Perjurer talks a bit about this project here, and he’s also created a 360-degree video experience where viewers can move around the video as he is talking about his plans. The cursor is also a Mickey Mouse hand, which is a fun little detail in the unique video. The theme park tycoon hopes to release the VR experience on YouTube, where subscribers can go through a virtual theme park full of the defunct rides that he has made videos about. If he is unable to successfully execute it over YouTube, he will attempt to make a game that fans of the channel can access.

Although 450,000 subscribers is not a number to undermine, Perjurer deserves many more followers. I have been watching creators on YouTube for a decade now and I can safely say that Perjurer is the hardest worker on the platform. It is easy to see that he is an extensive researcher and puts an immense amount of time into each video that he creates. Along with having to insert numerous pictures and videos of long-gone theme parks, he digs up information about the creation of parks, attendees’ reviews, backgrounds of their creators, ownership changes, injuries or deaths that occurred and much, much more.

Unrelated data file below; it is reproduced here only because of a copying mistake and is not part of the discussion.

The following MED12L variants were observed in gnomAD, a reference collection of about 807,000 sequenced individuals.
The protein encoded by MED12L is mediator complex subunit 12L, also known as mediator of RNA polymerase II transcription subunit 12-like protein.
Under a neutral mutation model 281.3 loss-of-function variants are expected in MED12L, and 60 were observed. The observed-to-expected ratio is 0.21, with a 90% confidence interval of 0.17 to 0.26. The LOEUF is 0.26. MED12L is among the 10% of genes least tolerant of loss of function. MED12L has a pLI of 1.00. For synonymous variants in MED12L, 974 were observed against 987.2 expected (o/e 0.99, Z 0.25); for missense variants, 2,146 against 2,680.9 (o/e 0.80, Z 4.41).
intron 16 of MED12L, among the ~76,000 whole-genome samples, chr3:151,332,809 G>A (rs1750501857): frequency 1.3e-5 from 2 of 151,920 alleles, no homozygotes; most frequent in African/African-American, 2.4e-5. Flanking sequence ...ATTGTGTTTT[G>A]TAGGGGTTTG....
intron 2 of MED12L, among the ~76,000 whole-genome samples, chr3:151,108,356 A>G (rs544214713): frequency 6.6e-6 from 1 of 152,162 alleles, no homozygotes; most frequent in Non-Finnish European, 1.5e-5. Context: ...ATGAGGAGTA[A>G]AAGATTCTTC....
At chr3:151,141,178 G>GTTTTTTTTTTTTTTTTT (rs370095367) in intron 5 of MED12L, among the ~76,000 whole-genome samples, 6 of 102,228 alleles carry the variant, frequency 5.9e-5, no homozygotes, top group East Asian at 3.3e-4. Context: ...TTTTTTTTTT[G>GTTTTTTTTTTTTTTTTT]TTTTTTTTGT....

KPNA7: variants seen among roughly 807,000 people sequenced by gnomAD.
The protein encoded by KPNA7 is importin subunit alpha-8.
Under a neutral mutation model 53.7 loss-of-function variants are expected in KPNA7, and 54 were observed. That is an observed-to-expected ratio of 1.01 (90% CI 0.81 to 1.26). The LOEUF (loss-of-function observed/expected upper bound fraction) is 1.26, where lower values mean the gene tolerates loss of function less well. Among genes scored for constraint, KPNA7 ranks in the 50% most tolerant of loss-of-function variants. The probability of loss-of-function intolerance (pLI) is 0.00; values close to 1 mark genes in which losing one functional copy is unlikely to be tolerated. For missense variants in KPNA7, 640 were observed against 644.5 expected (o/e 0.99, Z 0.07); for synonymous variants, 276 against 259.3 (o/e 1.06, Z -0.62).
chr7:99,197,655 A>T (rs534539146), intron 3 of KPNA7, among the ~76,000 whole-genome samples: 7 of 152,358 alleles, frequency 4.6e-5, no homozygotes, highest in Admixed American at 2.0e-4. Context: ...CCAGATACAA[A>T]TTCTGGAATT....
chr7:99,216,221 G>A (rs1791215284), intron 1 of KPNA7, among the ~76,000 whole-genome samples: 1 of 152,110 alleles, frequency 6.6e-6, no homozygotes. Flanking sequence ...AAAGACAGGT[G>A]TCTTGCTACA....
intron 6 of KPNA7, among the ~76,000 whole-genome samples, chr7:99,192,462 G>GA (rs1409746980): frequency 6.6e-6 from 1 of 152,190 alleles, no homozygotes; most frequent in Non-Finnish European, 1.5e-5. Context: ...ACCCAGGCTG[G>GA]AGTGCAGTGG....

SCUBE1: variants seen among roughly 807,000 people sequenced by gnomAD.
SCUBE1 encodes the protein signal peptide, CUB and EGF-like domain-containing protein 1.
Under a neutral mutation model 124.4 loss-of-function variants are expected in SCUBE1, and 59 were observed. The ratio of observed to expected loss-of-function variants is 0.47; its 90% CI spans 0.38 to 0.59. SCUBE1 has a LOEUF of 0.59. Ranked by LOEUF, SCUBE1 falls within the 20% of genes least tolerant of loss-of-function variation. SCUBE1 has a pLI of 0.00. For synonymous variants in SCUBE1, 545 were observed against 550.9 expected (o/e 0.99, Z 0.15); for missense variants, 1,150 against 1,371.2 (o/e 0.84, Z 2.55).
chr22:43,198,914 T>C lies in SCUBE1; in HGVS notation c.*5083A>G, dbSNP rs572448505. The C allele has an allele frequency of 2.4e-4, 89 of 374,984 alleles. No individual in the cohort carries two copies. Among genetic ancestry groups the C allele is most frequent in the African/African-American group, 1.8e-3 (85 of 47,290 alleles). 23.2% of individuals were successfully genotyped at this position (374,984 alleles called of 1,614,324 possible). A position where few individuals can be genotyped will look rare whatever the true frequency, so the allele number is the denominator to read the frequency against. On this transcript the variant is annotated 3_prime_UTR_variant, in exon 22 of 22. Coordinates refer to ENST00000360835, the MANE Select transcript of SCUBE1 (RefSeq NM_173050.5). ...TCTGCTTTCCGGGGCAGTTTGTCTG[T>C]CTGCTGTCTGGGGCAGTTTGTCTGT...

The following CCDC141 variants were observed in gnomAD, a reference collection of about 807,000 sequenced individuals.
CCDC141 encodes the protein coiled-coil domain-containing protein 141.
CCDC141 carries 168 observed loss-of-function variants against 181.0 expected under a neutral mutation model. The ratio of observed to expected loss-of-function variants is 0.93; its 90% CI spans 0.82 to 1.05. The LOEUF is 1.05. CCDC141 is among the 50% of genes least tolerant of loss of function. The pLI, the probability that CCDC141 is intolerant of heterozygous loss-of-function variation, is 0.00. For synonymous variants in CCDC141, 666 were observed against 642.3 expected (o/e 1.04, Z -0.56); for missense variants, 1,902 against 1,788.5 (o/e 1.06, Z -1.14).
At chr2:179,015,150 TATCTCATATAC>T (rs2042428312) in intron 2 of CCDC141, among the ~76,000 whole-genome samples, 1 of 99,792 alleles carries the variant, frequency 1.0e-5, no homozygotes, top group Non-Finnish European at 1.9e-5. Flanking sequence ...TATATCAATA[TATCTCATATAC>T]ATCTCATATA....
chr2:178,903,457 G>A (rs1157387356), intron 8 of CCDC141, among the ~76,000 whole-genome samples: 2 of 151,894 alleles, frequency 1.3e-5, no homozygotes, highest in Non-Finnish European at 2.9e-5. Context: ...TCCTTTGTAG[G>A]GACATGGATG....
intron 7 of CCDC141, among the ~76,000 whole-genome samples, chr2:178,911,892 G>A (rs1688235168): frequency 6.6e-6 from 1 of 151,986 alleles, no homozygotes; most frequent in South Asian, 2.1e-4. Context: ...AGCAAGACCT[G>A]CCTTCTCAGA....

I did not think that I would like a channel like this, as the topic is not one that really interests me. Don’t get me wrong, I like amusement parks. I think most people do. But it is not a subject that fascinates me like it does for Perjurer. I’m not a hater or fan of Disney; I’m completely indifferent, and yet I look forward to watching the newest Defunctland video on a forgotten Disney ride. With Perjurer’s impressive knowledge helping me out, I feel as if I have an unnecessary number of facts about theme parks, despite it not being a passion of mine, which highlights the talent of Perjurer.

Also on the channel is a podcast and a spinoff of sorts, “DefunctTV.” The podcast features interviews with a diverse set of interviewees like John Green and Mitchell Musso, of Disney channel fame. Along with celebrities, he interviews individuals who have had experiences with the topics that he covers, like a former manager of the Nickelodeon hotel and Tim Delaney, an Imagineer who designs for Disney. Perjurer also has a talent for interviewing; he asks interesting questions and develops a natural flow with his guests that is easy to admire.

“DefunctTV” is a series that currently has four videos where Perjurer explores the history of popular children’s shows that are no longer on the air, like “Bear in the Big Blue House” and “Legends of the Hidden Temple.” It’s an appeal to nostalgia, which is something that Perjurer is a master of.

Even if you do not have a particular interest in amusement parks, Defunctland is worth the watch. It has quickly become one of my favorite YouTube channels, and I am excited to see what Perjurer comes up with next.